“…an increase in denials over the past 12 to 18 months is making it far more difficult for employers to transfer employees based in India into the United States on L-1 visas. Employers say this is having a negative impact on growth, projects, and product development in the United States.”

Meanwhile, some of the best and brightest minds from overseas routinely fly home after graduation – to stay – because they find it too hard to get a visa to remain here and work. This, too, is self-defeating. What is going on? Aren’t these precisely the creative, entrepreneurial people we WANT to keep here, to build our economy?

Absolutely. As Alex Nowrasteh of the Competitive Enterprise Institute remarked in a recent article:

“Immigrants are more than twice as entrepreneurial as native-born Americans, according to the Kauffman Foundation’s Index of Entrepreneurial Activity. That advantage lasts several generations, as demonstrated by the fact that Americans with a Latino ancestry retain an entrepreneurial enthusiasm greater than that of natives.” (See Twenty-Five Years After Reagan’s ‘Amnesty’ Bill, Conservatives Should Support Increased Immigration, by Alex Nowrasteh,, 07.Nov.2011.)

Nowrasteh’s comments were echoed in the November issue of The Atlantic:

“People with creative ideas, intellectual talents and personal ambition drive innovation. From advancements in science, mathematics and health care to new technologies, products and companies, America has always relied on individual and collective breakthroughs in human knowledge and production to enhance our lives and our economy. As the nation continues to find ways to improve the educational and life opportunities of its own citizens to help spark innovation, we should not ignore an obvious source of human capital – those from other nations. If America wants to solve its innovation problem, solving its immigration problem would be a good start.” (See Entrepreneurs, Stay Out! The Utter Idiocy of U.S. Immigration Law, by Marshall Fitz and John Halpin, The Atlantic, Nov 2011.)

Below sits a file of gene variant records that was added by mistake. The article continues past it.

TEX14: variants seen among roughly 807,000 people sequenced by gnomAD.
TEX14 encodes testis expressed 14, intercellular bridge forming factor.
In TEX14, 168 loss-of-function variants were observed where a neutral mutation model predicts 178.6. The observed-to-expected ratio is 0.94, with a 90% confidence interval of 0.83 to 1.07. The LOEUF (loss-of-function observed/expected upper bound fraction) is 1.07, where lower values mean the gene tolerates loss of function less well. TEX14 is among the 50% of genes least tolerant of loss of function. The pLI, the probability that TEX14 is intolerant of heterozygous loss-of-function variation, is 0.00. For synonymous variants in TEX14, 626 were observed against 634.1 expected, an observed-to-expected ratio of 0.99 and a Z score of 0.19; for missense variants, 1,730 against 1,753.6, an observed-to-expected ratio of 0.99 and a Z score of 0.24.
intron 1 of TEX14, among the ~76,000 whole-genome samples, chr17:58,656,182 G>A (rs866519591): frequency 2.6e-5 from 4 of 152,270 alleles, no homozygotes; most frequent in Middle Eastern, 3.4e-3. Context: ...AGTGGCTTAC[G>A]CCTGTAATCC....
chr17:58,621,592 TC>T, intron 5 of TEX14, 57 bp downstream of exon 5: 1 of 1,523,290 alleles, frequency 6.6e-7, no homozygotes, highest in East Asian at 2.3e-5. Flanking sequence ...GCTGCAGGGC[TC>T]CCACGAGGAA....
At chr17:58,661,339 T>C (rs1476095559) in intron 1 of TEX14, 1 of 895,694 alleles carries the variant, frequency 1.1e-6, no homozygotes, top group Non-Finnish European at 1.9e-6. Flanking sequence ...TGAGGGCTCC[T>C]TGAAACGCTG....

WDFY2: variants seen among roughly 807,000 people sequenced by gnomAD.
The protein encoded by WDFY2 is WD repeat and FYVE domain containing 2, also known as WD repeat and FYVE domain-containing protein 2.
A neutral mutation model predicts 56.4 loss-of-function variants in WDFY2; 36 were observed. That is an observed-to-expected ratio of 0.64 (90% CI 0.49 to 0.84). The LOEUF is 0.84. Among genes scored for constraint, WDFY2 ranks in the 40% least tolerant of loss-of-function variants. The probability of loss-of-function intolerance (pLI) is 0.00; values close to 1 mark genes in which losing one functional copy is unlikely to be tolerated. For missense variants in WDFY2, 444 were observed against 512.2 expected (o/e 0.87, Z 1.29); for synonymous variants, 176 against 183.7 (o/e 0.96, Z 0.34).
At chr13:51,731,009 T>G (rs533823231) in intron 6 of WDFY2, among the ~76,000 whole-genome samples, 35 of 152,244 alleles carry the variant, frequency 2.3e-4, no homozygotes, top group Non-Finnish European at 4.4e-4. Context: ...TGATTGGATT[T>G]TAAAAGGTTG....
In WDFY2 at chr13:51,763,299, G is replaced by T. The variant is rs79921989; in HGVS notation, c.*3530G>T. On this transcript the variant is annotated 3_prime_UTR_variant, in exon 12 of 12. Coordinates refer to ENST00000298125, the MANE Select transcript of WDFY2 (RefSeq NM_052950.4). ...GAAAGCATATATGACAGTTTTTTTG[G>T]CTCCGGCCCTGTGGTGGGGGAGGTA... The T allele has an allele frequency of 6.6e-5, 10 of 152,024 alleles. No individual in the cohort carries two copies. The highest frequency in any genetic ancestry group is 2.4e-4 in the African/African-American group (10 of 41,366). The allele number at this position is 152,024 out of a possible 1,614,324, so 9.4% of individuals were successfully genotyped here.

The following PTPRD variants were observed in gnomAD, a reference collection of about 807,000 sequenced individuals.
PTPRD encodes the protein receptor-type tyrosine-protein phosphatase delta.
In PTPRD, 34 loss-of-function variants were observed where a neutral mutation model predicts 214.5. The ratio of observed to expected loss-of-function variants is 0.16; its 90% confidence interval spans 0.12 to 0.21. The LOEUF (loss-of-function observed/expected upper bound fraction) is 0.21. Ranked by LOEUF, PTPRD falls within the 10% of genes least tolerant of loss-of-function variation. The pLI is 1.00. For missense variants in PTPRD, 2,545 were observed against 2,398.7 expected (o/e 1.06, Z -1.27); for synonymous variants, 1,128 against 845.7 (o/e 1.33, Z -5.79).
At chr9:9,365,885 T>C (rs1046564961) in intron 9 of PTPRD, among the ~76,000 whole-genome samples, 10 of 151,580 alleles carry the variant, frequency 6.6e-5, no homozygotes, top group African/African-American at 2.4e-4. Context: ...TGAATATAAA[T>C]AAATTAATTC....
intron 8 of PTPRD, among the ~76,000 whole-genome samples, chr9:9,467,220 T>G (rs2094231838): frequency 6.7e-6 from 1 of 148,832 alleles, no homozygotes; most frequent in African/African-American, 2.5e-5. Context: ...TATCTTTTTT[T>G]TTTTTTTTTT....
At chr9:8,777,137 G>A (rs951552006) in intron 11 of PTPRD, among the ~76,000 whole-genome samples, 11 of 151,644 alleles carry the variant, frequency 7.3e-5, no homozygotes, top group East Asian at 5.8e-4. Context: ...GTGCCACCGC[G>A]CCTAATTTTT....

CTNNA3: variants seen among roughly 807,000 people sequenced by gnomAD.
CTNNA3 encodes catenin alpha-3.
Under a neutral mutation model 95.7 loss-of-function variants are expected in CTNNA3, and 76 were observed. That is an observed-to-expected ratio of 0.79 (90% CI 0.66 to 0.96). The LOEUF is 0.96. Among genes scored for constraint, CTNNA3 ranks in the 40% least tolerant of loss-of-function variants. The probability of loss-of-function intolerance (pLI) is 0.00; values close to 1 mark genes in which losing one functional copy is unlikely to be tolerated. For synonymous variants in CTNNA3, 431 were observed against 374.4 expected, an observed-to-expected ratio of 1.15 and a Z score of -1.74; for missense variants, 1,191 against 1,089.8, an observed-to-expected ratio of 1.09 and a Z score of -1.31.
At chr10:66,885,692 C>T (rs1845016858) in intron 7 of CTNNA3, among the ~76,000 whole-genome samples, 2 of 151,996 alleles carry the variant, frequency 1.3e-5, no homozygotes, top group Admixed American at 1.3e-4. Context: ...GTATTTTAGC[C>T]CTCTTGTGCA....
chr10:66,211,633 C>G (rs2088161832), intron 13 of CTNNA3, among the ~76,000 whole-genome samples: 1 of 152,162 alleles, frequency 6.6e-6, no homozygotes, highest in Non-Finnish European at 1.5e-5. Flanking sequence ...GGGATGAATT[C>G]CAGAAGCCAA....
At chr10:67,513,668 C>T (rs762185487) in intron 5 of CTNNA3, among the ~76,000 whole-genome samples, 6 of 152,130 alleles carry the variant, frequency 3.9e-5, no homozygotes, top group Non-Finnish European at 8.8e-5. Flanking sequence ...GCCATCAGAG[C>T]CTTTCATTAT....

The good news is, there is growing realization that America should be doing a better job attracting and keeping foreign graduate students in the STEM fields – science, technology, engineering, and math – and there’s an emerging consensus that these people should get green cards stapled to their diplomas, instead of taking home the treasure trove of state-of-the-art technical knowledge they gained in the United States. As Facebook COO Sheryl Sandberg remarked earlier this month, America needs to make it easier for foreign STEM grads to stay here. (See Facebook Says U.S. Must Reform Immigration Policies to Remain Competitive, by Richard Blackden, The Telegraph, 08.Nov.2011.)

There is talk in Congress of providing that stapled green card to keep talented foreign STEM grads here, but Congress has been dragging its heels, and there is no telling when it might finally pass this small legislative tweak, even though it’s far short of – and far less controversial than – comprehensive immigration reform.

For some, Congressional dawdling could create an interesting market niche: an offshore answer to Silicon Valley, moored off the California coast, just outside the U.S. territorial limit. What sounds like the plot of a 40’s gangster film is actually the brainchild of two young entrepreneurs who hope to start a floating high-tech incubator “for foreign entrepreneurs who have difficulty obtaining visas.” (See Visa Problems? ‘Seasteading’ Your Startup May be the Answer, by Declan McCullagh, CNET News, 08.Nov.2011.)

The question is: does it really have to come to this – “seasteading” just offshore or states taking federal law into their own hands – or can we find a rational way to fix immigration on Mainland, USA? Most likely, we won’t find out until after the 2012 elections have passed into the history books – and that’s one more year too late.

Disclaimer: The information provided here is of a general nature and may not apply to any specific or particular circumstance. It is not to be construed as legal advice nor presumed indefinitely up to date.